As a result, most agencies rely on referrals and repeat business, which is not scalable.
First to get cut when the economy sours
Marketing services are price-elastic. When demand is high, marketing agencies can charge high prices, but when demand drops, the price that clients are willing to pay drops. In a downturn, marketing budgets are the first to go. Beyond severely curtailing budgets, economic reces sions change the nature of the marketing field itself. The 2008-2009 financial crisis accelerated the pivoting of B2B marketing to online marketing, social media, and analytics.
The current 2020 economic recession created by the global coronavirus pandemic dramatically differs from previous downturns due to its cause. While unemployment remains at a historic high, the S&P 500 also remains high and retail sales grew by 1.2% in July. The long-term effects on the marketing world are still unfolding, but the impact is uneven. The tenure of CMOs is decreasing, yet a small part of the market is growing. The Association of National Advertisers found that 36% of CMOs have increased their technology investments and 12.5% have increased their media budgets.
Still, consumer spending in general continues to decline. This, in turn, causes marketing budgets to shrink. Competition for remaining busi ness is intensified by the high number of new firms.
Digital Marketing: Both an opportunity and a threat
On the demand side, technology such as SEO, Google AdSense, Facebook Ads, and other platforms has caused an increase in com panies doing in-house digital advertising instead of outsourcing it to digital advertising agencies.
Digital marketing has contradicting implications for small marketing agencies. On one hand, more of the marketing is done digitally, and technology improves scalability and turns insights into results. On the other hand, digital marketing lowers the barriers to entry. Small agencies must not only compete with new competitors, but also with in-house marketing departments that feel they can do marketing themselves.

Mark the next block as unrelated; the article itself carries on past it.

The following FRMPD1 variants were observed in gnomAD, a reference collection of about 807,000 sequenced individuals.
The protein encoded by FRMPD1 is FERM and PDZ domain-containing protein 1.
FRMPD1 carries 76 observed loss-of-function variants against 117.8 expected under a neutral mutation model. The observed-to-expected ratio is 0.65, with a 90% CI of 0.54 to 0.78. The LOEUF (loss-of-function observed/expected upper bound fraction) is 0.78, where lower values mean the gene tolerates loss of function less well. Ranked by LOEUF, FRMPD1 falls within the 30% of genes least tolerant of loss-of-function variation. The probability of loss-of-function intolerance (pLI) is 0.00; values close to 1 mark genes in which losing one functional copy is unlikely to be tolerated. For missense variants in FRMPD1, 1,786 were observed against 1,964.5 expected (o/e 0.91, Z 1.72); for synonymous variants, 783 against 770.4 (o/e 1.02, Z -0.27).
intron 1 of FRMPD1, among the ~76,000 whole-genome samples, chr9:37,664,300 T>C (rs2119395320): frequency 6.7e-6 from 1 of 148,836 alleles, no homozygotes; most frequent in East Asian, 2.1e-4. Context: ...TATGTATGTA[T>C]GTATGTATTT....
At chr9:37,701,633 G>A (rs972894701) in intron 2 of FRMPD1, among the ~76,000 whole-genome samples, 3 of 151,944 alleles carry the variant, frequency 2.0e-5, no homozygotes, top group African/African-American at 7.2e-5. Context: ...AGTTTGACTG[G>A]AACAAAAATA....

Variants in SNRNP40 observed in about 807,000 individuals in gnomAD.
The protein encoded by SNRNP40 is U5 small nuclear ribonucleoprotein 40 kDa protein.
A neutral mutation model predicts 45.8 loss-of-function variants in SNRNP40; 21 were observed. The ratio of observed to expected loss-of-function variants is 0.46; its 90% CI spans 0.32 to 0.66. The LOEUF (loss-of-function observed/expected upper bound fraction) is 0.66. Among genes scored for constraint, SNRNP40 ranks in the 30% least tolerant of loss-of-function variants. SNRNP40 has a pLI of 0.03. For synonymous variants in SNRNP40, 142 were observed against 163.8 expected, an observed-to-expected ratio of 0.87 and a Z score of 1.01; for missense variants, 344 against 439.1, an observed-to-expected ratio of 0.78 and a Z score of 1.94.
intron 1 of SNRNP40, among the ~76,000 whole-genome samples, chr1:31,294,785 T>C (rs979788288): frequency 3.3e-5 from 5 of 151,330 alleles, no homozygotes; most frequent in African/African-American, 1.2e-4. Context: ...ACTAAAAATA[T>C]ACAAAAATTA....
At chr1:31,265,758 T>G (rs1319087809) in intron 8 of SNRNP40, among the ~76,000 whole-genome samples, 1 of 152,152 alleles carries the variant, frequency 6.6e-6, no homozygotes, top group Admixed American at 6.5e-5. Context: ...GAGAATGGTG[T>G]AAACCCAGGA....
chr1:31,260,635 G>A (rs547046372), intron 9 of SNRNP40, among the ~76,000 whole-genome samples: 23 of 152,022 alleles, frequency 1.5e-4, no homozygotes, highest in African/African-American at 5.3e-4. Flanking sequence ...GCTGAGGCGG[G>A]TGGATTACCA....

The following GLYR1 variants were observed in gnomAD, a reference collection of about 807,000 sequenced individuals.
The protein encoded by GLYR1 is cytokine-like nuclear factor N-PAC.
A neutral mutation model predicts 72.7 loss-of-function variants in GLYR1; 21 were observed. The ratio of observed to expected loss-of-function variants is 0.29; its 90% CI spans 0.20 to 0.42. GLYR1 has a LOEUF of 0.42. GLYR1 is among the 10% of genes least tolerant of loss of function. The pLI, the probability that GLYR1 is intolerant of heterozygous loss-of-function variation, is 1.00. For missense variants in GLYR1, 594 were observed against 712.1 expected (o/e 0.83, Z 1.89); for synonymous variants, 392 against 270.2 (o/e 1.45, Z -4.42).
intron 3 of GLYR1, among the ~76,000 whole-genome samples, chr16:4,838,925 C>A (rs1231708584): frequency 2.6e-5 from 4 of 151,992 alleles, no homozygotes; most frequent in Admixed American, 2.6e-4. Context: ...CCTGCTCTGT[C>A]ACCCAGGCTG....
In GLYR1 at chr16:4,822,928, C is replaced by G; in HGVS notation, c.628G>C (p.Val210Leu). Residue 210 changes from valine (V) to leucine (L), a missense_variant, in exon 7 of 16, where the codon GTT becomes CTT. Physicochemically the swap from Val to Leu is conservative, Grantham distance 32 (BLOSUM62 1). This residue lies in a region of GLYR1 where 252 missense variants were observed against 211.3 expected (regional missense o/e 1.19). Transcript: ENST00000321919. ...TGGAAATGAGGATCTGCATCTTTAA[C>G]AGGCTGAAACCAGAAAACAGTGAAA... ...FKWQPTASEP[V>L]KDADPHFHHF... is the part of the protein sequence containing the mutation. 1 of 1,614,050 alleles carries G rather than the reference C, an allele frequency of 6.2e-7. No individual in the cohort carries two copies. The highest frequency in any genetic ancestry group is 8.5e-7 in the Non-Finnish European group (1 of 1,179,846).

The COVID-19 pandemic accelerated the shift to digital marketing, and e-commerce is one area of digital marketing that’s currently growing.15
Janet Balis, Ernst & Young’s Americas marketing practice leader, stated that the current recession:
“has created a dramatic acceleration, first and foremost in terms of customer behaviour, and then in terms of leadership priorities, where things that would’ve taken years are now taking a matter of weeks or months with respect to digital marketing."
Digital marketing increases competition for clients, forcing marketing agencies to struggle to distinguish themselves. With social media, it is easier than ever for rival marketing companies to copy social me dia approaches and online strategies. New players with technological solutions often offer low prices in order to enter the market and attract clients, and more companies take advantage of digital tools to conduct in-house marketing.
As we have seen above, small marketing agencies face a number of challenges and must find viable, cost-effective strategies to compete and win profitable business in this new age. The next section provides an effective guide for addressing these challenges.